Cocoon nebula

Cocoon nebula

(IC 5146) An emission nebula about 1 kiloparsec distant in the constellation Cygnus, surrounding a small cluster of faint stars. It is thought to be a region of active star formation.
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It is also an example of a cocoon nebula, a term that describes the dusty envelope that surrounds some newborn stars in the process of forming planets.
One of my favorite dark nebulae is Barnard 168, or as I call it, the Road to the Cocoon Nebula. When I'm hunting for the position of the Cocoon (IC 5146) in my finderscope, I follow this narrow finger of darkness to the emission nebula's telescopic field.
Another well-known imaging target, the Cocoon Nebula (IC 5146) appeared quite grainy on the standard 5-minute exposure used by Dr Hewitt for all objects, a testimony to this nebula's extreme faintness.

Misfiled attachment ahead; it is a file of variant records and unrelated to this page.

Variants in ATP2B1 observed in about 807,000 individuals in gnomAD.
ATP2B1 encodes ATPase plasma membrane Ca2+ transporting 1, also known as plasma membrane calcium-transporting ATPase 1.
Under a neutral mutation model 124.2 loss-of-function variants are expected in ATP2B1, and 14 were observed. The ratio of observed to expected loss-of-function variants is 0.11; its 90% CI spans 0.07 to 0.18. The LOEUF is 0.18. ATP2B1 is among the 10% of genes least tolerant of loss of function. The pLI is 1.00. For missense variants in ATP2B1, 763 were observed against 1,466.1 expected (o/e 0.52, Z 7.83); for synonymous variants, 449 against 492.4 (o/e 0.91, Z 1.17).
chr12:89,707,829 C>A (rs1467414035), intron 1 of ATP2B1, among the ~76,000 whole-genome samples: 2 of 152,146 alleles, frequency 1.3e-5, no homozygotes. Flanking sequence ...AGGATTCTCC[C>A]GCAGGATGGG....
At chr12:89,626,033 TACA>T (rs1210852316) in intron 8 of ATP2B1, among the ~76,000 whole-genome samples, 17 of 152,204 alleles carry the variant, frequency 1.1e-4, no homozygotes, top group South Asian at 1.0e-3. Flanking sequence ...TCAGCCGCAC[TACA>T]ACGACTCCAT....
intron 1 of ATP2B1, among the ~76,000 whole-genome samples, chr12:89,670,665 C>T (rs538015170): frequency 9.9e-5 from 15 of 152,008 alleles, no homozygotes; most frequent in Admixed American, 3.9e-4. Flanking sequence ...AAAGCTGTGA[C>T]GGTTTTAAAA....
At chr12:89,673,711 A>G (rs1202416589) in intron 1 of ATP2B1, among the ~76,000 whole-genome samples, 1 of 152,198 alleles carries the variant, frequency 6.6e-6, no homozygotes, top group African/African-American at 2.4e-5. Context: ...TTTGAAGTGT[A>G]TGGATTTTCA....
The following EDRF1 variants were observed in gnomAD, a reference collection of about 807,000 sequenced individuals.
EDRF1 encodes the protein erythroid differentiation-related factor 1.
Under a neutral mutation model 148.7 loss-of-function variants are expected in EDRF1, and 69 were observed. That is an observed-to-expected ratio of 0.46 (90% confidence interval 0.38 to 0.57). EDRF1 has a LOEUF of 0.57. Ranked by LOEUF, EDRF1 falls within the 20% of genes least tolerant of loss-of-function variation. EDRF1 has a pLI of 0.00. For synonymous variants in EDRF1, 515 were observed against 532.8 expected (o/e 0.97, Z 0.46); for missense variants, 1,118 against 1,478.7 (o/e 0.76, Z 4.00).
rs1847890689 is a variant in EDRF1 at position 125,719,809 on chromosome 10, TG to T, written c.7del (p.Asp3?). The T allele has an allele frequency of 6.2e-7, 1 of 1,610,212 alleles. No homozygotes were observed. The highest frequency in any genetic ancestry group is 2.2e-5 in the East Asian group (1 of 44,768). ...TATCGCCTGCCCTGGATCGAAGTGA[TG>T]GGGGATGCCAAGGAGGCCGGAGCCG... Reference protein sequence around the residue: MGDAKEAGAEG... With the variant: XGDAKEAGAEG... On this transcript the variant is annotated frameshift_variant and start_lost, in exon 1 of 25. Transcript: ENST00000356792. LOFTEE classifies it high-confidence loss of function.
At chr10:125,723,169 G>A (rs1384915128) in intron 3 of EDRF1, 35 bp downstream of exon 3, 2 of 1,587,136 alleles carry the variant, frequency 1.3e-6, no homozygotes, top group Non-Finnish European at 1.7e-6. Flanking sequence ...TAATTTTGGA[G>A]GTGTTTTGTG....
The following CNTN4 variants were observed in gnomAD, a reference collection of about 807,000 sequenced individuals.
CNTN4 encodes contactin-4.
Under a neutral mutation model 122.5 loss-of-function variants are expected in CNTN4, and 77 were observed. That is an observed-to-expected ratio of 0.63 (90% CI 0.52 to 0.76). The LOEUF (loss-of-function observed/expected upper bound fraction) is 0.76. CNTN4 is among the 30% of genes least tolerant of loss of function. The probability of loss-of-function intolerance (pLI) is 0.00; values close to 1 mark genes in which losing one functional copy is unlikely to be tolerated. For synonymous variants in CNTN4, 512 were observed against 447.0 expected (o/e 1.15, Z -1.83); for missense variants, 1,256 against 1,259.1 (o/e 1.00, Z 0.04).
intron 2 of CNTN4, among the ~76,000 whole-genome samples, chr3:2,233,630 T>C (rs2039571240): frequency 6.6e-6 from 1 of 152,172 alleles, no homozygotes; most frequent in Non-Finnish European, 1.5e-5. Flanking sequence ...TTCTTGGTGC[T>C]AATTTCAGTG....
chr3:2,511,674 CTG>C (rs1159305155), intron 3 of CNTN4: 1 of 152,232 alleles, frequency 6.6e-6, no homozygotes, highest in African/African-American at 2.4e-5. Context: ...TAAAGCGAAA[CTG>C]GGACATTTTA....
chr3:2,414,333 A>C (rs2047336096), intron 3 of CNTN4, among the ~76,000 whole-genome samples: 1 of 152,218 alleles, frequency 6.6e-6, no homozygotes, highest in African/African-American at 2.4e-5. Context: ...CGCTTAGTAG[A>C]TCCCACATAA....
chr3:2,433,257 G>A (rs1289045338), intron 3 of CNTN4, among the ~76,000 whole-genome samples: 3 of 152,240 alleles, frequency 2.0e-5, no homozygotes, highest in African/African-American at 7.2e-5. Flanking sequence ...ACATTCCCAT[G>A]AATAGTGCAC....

At B168's eastern extremity lies the Cocoon Nebula, an object too faint for binocular viewing.
Not far from M39 lie the Cocoon Nebula and the spooky dark nebula Barnard 168, which S&T's Gary Seronik calls "the Road to the Cocoon." Here too is Pi' ([[pi].sup.1]) Cygni, which has one of my favorite preposterous names: Azelfafage ("ah-ZEL-fuh-fahj," a medieval corruption of the Arabic name "the Tortoise").
It's a cinch to follow B168 to its end, which engulfs IC 5146, the Cocoon Nebula. At first I couldn't see the nebula, but when I added a hydrogen-beta (H[beta]) filter it was immediately apparent, with a 10th-magnitude star at its heart and another at its southern edge.
Another quarry in Cygnus is the 2 [degrees] long Barnard 168, which meanders to and engulfs the Cocoon Nebula (IC 5146) at its eastern end.